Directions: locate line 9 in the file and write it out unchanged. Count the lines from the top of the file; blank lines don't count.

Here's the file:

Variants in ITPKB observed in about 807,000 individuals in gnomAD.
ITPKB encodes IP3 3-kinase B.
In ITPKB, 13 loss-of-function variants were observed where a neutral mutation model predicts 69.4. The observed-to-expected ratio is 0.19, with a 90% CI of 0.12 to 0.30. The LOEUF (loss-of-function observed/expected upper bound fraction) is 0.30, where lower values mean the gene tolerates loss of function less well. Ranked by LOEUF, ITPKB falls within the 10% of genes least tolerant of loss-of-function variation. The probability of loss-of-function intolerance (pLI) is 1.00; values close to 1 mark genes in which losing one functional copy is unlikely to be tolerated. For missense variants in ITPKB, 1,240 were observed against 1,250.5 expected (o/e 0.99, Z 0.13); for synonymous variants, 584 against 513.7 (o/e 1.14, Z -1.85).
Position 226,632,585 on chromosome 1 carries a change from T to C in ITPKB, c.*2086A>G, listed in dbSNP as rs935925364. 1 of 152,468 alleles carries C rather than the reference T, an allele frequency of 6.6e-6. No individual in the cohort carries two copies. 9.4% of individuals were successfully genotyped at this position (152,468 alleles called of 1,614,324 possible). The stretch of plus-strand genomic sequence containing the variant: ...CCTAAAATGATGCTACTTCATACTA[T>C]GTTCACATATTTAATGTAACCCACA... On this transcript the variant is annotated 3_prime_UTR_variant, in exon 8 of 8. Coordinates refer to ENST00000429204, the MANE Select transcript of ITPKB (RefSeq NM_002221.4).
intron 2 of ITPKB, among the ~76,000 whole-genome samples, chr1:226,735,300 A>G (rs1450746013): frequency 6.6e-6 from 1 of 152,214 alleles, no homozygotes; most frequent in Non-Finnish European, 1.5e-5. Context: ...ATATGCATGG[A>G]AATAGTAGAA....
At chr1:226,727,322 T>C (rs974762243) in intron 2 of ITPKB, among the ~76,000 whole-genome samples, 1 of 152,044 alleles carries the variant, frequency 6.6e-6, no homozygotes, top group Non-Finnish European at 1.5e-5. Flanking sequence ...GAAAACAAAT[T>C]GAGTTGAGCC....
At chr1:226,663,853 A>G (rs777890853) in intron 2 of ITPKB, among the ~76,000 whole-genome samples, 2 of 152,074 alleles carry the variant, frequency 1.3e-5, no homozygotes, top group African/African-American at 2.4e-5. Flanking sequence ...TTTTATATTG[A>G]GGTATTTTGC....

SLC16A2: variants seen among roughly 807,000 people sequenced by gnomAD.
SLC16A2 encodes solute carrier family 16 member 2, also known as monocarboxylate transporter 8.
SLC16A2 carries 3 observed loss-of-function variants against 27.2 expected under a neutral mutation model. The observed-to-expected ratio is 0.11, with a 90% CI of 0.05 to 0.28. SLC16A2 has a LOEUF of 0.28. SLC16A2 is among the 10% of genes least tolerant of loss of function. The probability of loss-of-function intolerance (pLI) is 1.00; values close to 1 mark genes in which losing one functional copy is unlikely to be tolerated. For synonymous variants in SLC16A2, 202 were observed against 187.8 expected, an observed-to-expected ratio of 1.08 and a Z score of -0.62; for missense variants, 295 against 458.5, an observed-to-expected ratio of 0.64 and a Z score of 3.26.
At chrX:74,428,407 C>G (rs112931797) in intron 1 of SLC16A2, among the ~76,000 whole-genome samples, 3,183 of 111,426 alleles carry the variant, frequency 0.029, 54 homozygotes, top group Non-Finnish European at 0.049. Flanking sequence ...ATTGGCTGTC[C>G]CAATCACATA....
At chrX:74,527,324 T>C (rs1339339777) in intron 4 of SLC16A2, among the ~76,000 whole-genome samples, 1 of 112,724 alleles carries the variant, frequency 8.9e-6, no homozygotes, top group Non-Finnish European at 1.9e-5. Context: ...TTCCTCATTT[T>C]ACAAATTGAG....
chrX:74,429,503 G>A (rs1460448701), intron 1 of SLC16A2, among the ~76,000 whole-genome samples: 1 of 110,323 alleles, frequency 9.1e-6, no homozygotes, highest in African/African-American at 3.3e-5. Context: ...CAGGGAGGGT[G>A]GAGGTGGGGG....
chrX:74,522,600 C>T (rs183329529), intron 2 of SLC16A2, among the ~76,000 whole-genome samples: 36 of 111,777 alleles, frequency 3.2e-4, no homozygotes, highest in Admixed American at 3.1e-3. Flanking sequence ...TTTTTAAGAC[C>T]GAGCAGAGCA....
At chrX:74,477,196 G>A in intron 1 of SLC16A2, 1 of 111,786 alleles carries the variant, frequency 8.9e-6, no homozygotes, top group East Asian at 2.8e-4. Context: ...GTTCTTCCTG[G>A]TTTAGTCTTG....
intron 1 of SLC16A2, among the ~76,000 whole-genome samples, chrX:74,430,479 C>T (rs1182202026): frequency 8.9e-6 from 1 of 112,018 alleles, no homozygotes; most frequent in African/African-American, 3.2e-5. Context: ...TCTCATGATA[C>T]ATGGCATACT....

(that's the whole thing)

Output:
SLC16A2 encodes solute carrier family 16 member 2, also known as monocarboxylate transporter 8.